An invasion of squirrels in your attic can spell disaster. Aside from the fact that it can be a nuisance, they can also cause damages to your home. The sound of squirrels scampering about above your head may prove bothersome. However, you should keep in mind that the most important factor is that squirrels like to chew up wooden beams and wiring. They also like to tear up insulation. In other words, a squirrel invasion can prove expensive, which is why preventing them from entering your attic is important. Read More
Squirrels in Ontario seem to enjoy bird seed which is a problem if you like to leave treats out for birds in the area. The squires scare away birds, finish the bird food and may venture to destroy your outdoor wooden furniture. Fortunately, this is a problem that you can resolve with relative ease. Read More
Once squirrels invade your home, catching them becomes a top priority. They can wreak havoc and cause damages that can prove financially burdensome. Imagine having to replace insulation, wiring, and wooden support beams up in your attic. It is not a fun task, nor is it a cheap one. Fortunately, there are a couple of ways you can catch a squirrel in your attic. Read More
You may have to find an alternative squirrel removal method if you are planning to trap squirrels. Tread carefully if you plan on transporting a squirrel you have already captured. Few people, including wildlife removal professionals, advocate trapping and relocating wildlife in Ontario or any other area for good reasons. The animals may be causing damage to your yard or property but keep in mind that many have lost their natural territory due to human expansion. Read More
Humane eviction is the best way to deal with squirrels in your house. This method relies on a one-way door that allows the squirrels to leave their den but blocks them from coming back in.
A one-way door looks more like a trap or cage than an actual door. The contraption is made from thick metal that the squirrel can’t chew or destroy to gain entry once excluded from its den.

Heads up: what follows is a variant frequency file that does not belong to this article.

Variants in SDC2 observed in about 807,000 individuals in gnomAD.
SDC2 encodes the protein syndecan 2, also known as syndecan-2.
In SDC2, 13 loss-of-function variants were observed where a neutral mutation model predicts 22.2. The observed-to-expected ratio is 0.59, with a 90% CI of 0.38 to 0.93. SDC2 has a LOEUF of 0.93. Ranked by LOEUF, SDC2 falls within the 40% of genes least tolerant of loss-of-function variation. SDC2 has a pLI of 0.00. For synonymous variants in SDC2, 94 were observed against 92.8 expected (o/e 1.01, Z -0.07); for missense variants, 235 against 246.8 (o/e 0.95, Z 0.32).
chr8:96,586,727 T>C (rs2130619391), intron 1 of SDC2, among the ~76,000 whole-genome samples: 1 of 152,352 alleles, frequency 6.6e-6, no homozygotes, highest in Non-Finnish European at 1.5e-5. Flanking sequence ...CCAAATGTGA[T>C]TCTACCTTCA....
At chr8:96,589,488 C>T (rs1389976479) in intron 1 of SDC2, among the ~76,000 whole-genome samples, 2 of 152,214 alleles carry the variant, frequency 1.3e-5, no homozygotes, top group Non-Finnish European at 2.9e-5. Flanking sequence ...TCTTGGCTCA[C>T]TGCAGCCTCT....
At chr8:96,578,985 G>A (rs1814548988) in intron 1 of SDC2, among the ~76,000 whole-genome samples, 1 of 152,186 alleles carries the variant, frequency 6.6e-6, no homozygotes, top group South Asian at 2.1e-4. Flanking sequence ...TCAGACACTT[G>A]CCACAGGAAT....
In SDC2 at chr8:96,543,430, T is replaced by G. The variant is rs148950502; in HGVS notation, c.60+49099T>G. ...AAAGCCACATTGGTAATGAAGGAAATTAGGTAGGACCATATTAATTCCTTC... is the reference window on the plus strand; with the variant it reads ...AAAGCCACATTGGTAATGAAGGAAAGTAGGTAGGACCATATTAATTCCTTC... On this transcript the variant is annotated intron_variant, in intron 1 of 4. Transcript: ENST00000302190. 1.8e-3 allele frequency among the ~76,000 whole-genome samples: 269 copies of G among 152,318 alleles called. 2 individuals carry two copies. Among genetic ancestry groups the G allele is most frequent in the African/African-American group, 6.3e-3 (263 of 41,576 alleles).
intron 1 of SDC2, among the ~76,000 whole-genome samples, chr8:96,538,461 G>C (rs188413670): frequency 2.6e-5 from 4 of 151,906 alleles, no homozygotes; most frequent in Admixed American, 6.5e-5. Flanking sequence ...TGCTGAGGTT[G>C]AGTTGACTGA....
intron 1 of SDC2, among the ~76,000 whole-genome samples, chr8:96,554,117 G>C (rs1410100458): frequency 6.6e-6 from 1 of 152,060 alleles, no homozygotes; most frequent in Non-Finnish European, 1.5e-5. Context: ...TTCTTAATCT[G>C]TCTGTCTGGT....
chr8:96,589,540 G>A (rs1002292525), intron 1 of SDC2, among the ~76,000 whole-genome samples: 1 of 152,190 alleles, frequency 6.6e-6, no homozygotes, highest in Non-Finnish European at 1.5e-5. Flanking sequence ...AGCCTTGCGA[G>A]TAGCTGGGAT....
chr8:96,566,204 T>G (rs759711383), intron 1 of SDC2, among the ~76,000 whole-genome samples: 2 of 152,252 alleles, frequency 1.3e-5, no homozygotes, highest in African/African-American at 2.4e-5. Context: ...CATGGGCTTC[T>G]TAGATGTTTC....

One end of the metal contraption has flaps that allow you to install it flash on the main squirrel entrance. Near the entrance to the den is a spring-loaded door that swings outward easily when the squirrel pushes through. Once on the opposite end, the door shuts and cannot open from the outside in. This effectively blocks the squirrel from getting back to its den. The contraption is wide open after the spring-loaded door, and the squirrel can simply wander off to find an alternative nesting place, preferably far away from your property. Read More
Having covered the main types of squirrels in Ontario – the eastern gray squirrel and its pigment gene mutant variation the black squirrel, and of course the red squirrel, there are a few interesting facts about both species that are worthy of note. Read More
Squirrel removal in Ontario can be a tough job even for professionals. These animals are sleek, intelligent and determined. Most experts prefer humane eviction or exclusion to trapping. In fact, few wildlife removal experts will trap wildlife unless it is absolutely necessary. The exact steps for the exclusion may vary slightly depending where in the house the animals are nesting. Removing wildlife from under the deck, for example, is slightly different compared to removing squirrels from the attic. Read More
A question on many peoples’ mind is whether squirrels hibernate in winter. Most of these critters do not hibernate and instead spend most of their time in their nests when they would otherwise be active. A few species such as the thirteen-lined ground squirrels hibernate for up to six months. Read More
Squirrels can fit though a hole about 1 ½ inches wide so their options of entering the average house are almost exponential. The best way to keep squirrels out of your house in Toronto is to find all potential entry points and seal with galvanized steel mesh and metal flashing. Some of the most common areas that squirrels use to break in include; Read More
The quick answer to whether squirrels in Canada can chew through to get into the attic is; Yes, although the animals prefer existing holes and will get in through these if available. Common examples include gaps under the eves and missing vent screens. Read More